If the gardeners in your life seem to have a special twinkle in their eyes or an extra spring in their step during the next few weeks, it may have something to do with the fact that the moment we've all been waiting for has arrived.Finally--after all those months of drafting garden layouts, sharpening tools, buying supplies, and waiting, waiting, waiting--the time has finally cometo sow some seed. Is there anything more exciting than popping seeds into soil, or more magical than seeing tiny green stems emerge a few days later? Not to most gardeners. The girls and I are attempting to grow all our own transplants this year. In the past, we have purchased at the garden center most of those delicate damsels that like to be spend their first few weeks indoors before being thrust into the none-too-gentle arms of mother nature: tomatoes, peppers, onions, cabbage, leeks, and a variety of flowers and herbs. But this year we decided to be bold and try raising them from seed. And why not, since we're getting quite used to diving head-first into new waters! In the following paragraphs, I share some of the discoveries we've made. First, a few of the reasons that we (and many other gardeneres) have chosen to start our own seeds:
Seeds are much less expensive than transplants.
It is often hard--if not impossible--to find organically grown and heirloom transplants.
The variety of vegetables, herbs and flowers that you can find in seeds catalogues is much greater than what is available at most garden centers.
The fun of starting your own seeds actually begins well before spring. In fact, almost as exciting to gardeners as popping those first few seeds into soil during the first few days of spring is cozying up in the depths of winter with a good seed catalogue. There are some out there these days that make for better reading than New York Times bestsellers. While a number are glossy and exquisitely laid out, others charm not with appearance but with poetic description--depicting their wares in terms that leave your mouth watering and your hands itching for a pair of garden gloves. Among my own favorites (all offering organic and heirloom selections) are:
Once you have your seeds ordered, it is time to figure out where they will begin their fragile little lives and how to provide adequate heat and lighting for them. It's convenient to buy a set of grow lights at your garden center, your hardware store, or online, but plain-old florescent bulbs work fine, too, as long as you rig them up so that you can raise and lower them above the seedlings. Since seeds won't germinate if they are too chilly, you'll either need to find a warm corner in your house where you can set up your grow lab or--if you're using a garage or another somewhat chilly space--you can purchase heating mats.
You'll also need to buy or make the following:
Seed-starting mix (do not try to use potting soil, no matter how tempting it might be)
Small pots (easy to find in stores but may also be made from yogurt cups, disposable drinking cups, or newspaper--there are many great ideas online!)
A watering can and spray bottle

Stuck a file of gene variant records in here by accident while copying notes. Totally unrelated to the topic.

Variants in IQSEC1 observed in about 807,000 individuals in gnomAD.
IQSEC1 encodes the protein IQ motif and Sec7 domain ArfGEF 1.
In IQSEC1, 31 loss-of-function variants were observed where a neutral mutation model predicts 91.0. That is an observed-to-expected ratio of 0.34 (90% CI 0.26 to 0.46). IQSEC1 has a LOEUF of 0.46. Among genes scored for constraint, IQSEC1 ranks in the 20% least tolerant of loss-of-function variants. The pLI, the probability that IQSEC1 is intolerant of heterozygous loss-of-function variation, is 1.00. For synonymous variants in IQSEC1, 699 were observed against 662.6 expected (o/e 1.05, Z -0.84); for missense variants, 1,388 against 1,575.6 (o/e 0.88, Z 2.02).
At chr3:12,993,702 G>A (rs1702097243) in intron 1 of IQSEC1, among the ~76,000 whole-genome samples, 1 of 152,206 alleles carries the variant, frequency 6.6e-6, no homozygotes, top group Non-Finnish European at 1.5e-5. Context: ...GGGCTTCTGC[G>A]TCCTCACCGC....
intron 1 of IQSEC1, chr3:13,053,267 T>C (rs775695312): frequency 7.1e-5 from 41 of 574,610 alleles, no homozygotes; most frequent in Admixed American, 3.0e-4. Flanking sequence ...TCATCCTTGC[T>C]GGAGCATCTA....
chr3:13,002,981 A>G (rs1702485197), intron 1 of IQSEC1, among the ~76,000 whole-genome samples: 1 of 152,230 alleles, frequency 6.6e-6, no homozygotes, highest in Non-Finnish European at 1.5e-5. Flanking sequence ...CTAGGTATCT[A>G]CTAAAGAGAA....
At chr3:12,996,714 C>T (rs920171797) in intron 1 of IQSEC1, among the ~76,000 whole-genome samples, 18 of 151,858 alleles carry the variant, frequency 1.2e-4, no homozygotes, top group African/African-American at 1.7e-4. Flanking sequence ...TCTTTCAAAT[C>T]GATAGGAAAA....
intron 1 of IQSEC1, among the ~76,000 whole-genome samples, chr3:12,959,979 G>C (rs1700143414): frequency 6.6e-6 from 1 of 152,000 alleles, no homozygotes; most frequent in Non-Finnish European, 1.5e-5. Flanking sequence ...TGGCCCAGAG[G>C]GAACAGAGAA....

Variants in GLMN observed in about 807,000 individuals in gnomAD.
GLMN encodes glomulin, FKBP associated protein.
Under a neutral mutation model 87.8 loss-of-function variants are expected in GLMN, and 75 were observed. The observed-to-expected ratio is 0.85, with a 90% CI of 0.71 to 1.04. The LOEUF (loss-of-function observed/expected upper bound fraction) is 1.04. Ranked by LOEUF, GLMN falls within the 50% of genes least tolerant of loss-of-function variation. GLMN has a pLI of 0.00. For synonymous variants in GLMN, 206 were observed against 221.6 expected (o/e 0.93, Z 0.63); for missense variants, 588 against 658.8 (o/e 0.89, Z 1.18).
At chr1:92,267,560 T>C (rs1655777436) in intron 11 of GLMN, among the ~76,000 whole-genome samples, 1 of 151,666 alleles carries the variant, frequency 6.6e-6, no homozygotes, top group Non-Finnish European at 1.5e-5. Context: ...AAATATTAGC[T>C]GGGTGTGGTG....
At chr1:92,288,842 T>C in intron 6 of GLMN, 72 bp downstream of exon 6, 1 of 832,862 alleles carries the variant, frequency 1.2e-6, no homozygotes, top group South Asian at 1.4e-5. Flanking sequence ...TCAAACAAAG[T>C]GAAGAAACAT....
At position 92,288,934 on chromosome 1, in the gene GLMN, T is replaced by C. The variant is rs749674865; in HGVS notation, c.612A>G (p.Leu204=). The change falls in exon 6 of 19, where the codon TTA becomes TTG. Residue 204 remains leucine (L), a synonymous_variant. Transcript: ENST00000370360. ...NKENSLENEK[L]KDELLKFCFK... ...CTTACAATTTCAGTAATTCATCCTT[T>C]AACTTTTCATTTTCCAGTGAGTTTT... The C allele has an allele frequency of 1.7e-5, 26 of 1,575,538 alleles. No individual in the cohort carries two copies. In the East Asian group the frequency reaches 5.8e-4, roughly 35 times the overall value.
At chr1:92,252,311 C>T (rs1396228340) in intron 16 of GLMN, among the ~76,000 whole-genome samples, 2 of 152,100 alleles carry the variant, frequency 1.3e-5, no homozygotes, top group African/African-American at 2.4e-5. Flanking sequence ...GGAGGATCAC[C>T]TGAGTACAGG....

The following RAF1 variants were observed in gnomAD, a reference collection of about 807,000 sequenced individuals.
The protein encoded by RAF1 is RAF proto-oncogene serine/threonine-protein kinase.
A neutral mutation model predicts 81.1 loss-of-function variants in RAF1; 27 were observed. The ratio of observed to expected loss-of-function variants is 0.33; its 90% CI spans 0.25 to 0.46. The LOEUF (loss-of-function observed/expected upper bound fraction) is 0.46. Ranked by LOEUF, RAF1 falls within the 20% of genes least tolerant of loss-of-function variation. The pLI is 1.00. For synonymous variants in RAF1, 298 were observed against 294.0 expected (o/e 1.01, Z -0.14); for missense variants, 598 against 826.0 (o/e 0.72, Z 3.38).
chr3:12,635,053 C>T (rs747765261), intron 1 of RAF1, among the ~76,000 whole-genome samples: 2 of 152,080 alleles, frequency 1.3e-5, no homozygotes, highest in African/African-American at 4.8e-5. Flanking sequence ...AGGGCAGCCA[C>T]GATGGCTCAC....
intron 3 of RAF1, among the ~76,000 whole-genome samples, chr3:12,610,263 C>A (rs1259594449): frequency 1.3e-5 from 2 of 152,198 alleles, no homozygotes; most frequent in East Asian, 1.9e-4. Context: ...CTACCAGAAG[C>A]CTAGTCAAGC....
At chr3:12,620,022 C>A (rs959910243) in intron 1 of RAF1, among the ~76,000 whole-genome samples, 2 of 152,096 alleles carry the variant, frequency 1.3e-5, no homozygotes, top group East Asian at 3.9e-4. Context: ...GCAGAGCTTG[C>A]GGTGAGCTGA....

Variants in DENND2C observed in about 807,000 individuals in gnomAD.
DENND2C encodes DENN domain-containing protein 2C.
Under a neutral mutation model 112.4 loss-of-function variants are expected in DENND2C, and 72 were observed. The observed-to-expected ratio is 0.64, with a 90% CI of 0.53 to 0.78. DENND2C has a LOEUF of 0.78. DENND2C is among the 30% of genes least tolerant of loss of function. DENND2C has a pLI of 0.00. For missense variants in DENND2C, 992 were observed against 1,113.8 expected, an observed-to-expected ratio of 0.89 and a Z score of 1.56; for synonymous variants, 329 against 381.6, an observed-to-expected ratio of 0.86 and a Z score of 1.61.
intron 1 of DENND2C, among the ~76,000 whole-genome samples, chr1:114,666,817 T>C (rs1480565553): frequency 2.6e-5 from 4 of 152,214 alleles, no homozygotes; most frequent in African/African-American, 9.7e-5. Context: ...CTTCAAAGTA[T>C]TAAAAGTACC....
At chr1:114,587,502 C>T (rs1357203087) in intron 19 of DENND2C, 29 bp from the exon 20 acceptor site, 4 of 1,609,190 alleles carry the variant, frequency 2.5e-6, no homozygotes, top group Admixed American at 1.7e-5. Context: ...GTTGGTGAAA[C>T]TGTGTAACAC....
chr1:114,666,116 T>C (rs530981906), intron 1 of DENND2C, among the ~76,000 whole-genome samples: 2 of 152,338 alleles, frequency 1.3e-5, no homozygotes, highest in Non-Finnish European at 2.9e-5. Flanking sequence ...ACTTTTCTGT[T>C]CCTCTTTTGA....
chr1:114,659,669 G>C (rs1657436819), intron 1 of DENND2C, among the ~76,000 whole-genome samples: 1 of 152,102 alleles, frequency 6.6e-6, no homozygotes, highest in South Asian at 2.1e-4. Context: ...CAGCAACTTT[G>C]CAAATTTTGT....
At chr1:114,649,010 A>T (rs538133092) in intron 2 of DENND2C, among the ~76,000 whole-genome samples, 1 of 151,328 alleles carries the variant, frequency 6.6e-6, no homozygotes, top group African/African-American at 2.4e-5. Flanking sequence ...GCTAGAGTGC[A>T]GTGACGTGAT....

Now you're ready to go. First empty the seed-starting mix into a bucket and wet it thoroughly. After letting it sit for a while to absorb the water, scoop the mix into your pots. (Make sure there is a hole in the bottom of each one so that water can drain from the soil.) Plant the seeds according to the directions on each seed packet, and cover with plastic until the seeds have sprouted. Don't forget to label what you've planted! Believe me: you won't remember them all when they begin sprouting--seriously. (Old-fashioned popsicle sticks work great for this, by the way.)
You don't need to turn your grow lights on until the seeds have sprouted. As soon as they have, remove the plastic cover and leave the grow lights on around 16 hours a day or so. (Some experts say you can leave them on all the time, but that just doesn't seem natural to me.) If you have a hard time remembering to turn the lights off and on, you can get a timer for a few bucks at your local hardware store.
Keep the soil in the pots moist but not soaking wet. (It's best to water them from underneath by pouring water into the trays and letting the soil in the pots soak it up.) Raise the lights as the your seedlings grow, keeping it 2-3 inches from the tops of the plants. After a week or so, let a fan blow on them for several hours a day so that they can begin adapting to the wiles of the weather they'll soon face. When the seedlings have several leaves, thin them out and/or transplant them into bigger pots. As the time nears when you'll be putting them into the ground outside (again, your seed packets should tell you when that is), you'll want to "harden them off"--that is, move them outside for several hours a day so that they can acclimate before being put into the ground.
That's about it. Of course there are much more detailed directions in the thousands of gardening books and zillions of gardening websites out there. Consult as many as you can to learn about different approaches. Then, using all the advice that sound right to you, give it a try.
I think you'll find that no matter how many seeds you pop in the ground, the first time you see each one sprout is awe-inspiring--another one of the common yet inconceivable miracles involved in nurturing living things. Happy planting!